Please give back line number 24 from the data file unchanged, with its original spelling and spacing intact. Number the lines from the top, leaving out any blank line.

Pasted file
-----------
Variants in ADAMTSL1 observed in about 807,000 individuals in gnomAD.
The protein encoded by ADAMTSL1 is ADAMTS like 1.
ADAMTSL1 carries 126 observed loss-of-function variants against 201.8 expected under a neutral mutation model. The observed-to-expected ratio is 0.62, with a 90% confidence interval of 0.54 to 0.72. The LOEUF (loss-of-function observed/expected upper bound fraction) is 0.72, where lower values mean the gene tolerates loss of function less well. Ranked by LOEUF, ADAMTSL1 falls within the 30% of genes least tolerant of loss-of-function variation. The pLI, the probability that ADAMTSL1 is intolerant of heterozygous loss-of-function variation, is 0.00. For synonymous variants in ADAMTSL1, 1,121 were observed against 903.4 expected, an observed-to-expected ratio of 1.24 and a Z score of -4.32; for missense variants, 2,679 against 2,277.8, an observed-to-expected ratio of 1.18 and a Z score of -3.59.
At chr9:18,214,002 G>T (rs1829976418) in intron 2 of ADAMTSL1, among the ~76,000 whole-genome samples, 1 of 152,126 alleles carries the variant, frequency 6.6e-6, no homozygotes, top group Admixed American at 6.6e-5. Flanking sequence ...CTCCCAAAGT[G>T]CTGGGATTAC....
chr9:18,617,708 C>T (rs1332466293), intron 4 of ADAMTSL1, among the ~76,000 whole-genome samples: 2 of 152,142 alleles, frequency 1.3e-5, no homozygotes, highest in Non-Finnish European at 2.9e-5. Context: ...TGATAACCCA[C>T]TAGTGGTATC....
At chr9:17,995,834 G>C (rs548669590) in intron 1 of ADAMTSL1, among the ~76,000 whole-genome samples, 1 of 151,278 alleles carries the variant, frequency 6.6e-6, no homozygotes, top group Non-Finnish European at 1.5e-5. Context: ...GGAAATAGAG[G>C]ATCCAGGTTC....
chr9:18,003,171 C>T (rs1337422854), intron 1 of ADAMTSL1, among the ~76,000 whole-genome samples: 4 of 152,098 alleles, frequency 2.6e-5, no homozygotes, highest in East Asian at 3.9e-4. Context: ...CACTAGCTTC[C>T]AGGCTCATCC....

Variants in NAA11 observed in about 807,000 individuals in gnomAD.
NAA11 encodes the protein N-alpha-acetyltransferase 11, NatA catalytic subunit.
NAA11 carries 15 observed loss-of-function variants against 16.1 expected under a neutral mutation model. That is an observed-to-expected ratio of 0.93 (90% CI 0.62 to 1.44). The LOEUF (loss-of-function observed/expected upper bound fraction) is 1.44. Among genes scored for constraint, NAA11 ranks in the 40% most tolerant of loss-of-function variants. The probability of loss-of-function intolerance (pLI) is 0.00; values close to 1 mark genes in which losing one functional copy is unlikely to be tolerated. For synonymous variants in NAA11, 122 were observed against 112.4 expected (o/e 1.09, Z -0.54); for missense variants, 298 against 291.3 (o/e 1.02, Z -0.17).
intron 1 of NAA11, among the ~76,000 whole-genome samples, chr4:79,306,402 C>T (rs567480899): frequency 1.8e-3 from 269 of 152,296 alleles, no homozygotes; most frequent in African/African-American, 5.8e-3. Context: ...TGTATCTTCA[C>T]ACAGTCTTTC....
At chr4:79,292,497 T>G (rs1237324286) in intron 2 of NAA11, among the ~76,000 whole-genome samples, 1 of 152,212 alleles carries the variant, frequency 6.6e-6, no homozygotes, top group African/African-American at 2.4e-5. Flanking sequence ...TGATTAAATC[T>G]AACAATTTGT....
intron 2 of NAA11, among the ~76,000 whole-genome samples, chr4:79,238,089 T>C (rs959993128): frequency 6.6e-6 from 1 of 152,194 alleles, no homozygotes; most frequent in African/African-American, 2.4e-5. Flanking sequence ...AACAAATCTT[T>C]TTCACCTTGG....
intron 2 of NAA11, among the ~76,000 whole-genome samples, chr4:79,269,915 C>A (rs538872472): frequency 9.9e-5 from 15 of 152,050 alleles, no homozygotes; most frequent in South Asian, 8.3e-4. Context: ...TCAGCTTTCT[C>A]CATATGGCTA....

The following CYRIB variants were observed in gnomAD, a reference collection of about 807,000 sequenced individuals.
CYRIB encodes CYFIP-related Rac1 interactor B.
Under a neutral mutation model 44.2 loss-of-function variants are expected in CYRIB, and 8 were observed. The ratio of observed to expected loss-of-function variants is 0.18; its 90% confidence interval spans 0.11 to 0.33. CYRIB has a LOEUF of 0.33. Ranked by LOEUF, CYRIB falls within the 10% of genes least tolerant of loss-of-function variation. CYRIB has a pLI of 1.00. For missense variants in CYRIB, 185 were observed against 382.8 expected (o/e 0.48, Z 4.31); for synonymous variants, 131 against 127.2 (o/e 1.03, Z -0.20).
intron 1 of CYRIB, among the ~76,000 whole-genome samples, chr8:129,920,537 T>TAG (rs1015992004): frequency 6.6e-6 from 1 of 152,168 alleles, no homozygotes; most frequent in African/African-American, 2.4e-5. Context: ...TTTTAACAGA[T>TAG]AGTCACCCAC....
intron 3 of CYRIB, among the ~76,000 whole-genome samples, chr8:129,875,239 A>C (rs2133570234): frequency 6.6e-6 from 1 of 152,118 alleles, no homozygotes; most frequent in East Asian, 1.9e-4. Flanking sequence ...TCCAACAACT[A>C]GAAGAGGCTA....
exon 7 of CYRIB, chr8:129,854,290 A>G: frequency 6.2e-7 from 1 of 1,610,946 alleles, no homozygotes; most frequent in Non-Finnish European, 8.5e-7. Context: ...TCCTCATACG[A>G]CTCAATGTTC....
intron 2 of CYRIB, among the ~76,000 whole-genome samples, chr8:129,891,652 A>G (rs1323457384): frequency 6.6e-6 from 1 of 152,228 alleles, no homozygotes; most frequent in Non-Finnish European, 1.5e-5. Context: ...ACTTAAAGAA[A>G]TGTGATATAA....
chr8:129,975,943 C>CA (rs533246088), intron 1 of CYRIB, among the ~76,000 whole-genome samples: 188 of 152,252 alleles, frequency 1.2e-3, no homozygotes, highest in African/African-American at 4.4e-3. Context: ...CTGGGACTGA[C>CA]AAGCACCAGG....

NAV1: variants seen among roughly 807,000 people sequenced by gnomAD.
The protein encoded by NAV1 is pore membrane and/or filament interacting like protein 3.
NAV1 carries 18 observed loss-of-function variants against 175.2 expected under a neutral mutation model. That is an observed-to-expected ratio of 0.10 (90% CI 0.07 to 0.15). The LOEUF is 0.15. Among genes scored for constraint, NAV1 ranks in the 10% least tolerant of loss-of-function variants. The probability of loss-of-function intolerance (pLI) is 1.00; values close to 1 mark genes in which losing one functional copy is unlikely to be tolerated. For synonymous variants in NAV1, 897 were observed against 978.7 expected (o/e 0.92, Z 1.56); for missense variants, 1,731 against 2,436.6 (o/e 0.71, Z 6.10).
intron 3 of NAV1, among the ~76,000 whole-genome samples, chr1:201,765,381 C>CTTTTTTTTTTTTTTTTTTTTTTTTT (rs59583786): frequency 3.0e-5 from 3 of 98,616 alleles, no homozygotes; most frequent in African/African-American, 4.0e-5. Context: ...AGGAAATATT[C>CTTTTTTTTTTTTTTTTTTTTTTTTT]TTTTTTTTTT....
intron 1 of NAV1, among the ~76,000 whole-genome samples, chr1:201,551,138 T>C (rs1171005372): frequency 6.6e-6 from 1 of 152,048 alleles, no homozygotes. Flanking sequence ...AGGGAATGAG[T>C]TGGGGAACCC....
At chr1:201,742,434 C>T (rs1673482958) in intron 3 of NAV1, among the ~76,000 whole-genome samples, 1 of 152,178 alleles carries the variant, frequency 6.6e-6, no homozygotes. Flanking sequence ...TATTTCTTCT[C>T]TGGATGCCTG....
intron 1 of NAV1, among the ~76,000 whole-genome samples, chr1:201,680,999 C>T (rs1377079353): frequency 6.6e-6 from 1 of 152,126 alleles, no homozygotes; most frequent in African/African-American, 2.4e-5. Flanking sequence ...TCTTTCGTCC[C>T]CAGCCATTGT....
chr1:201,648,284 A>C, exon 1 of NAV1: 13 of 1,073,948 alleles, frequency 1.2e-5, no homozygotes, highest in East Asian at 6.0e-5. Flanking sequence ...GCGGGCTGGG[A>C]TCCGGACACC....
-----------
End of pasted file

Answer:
The protein encoded by NAV1 is pore membrane and/or filament interacting like protein 3.